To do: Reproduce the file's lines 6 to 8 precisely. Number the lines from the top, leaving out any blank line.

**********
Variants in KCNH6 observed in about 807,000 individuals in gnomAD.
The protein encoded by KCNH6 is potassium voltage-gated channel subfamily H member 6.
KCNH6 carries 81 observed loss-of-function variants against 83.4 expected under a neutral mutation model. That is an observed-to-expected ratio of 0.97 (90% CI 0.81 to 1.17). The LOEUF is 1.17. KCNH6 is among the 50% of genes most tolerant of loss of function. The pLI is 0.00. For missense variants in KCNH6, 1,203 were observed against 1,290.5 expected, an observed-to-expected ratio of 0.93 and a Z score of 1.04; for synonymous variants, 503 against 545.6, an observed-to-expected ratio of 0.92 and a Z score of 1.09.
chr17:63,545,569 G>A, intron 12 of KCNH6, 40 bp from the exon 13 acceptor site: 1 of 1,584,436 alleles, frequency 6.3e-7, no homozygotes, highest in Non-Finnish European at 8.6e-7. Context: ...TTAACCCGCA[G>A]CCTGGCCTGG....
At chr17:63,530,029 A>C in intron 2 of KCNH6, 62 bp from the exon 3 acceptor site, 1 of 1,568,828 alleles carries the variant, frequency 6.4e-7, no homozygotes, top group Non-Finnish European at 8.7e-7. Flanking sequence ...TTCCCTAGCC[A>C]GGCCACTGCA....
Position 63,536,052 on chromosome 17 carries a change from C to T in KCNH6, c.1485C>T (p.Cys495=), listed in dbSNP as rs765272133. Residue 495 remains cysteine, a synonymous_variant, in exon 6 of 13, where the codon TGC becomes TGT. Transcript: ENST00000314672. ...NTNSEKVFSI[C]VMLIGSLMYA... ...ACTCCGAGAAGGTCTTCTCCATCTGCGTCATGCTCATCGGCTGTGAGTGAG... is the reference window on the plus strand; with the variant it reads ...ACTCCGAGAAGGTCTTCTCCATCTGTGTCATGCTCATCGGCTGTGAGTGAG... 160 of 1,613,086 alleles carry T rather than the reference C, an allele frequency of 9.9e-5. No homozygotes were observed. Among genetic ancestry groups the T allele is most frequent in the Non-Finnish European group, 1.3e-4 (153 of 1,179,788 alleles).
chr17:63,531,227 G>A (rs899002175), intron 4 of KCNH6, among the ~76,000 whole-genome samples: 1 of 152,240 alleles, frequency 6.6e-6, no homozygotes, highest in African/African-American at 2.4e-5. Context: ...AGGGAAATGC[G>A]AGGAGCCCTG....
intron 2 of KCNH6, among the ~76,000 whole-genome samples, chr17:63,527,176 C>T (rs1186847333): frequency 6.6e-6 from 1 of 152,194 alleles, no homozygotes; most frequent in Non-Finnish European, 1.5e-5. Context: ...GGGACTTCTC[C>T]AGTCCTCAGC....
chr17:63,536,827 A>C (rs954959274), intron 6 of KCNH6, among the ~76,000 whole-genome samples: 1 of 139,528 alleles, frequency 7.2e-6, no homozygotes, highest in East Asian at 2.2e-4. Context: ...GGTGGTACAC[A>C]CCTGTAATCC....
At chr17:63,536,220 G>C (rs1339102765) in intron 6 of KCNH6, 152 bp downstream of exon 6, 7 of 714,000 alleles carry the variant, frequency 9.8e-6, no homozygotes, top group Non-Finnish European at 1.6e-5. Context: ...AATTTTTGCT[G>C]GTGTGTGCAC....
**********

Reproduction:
Position 63,536,052 on chromosome 17 carries a change from C to T in KCNH6, c.1485C>T (p.Cys495=), listed in dbSNP as rs765272133. Residue 495 remains cysteine, a synonymous_variant, in exon 6 of 13, where the codon TGC becomes TGT. Transcript: ENST00000314672. ...NTNSEKVFSI[C]VMLIGSLMYA... ...ACTCCGAGAAGGTCTTCTCCATCTGCGTCATGCTCATCGGCTGTGAGTGAG... is the reference window on the plus strand; with the variant it reads ...ACTCCGAGAAGGTCTTCTCCATCTGTGTCATGCTCATCGGCTGTGAGTGAG... 160 of 1,613,086 alleles carry T rather than the reference C, an allele frequency of 9.9e-5. No homozygotes were observed. Among genetic ancestry groups the T allele is most frequent in the Non-Finnish European group, 1.3e-4 (153 of 1,179,788 alleles).
chr17:63,531,227 G>A (rs899002175), intron 4 of KCNH6, among the ~76,000 whole-genome samples: 1 of 152,240 alleles, frequency 6.6e-6, no homozygotes, highest in African/African-American at 2.4e-5. Context: ...AGGGAAATGC[G>A]AGGAGCCCTG....
intron 2 of KCNH6, among the ~76,000 whole-genome samples, chr17:63,527,176 C>T (rs1186847333): frequency 6.6e-6 from 1 of 152,194 alleles, no homozygotes; most frequent in Non-Finnish European, 1.5e-5. Context: ...GGGACTTCTC[C>T]AGTCCTCAGC....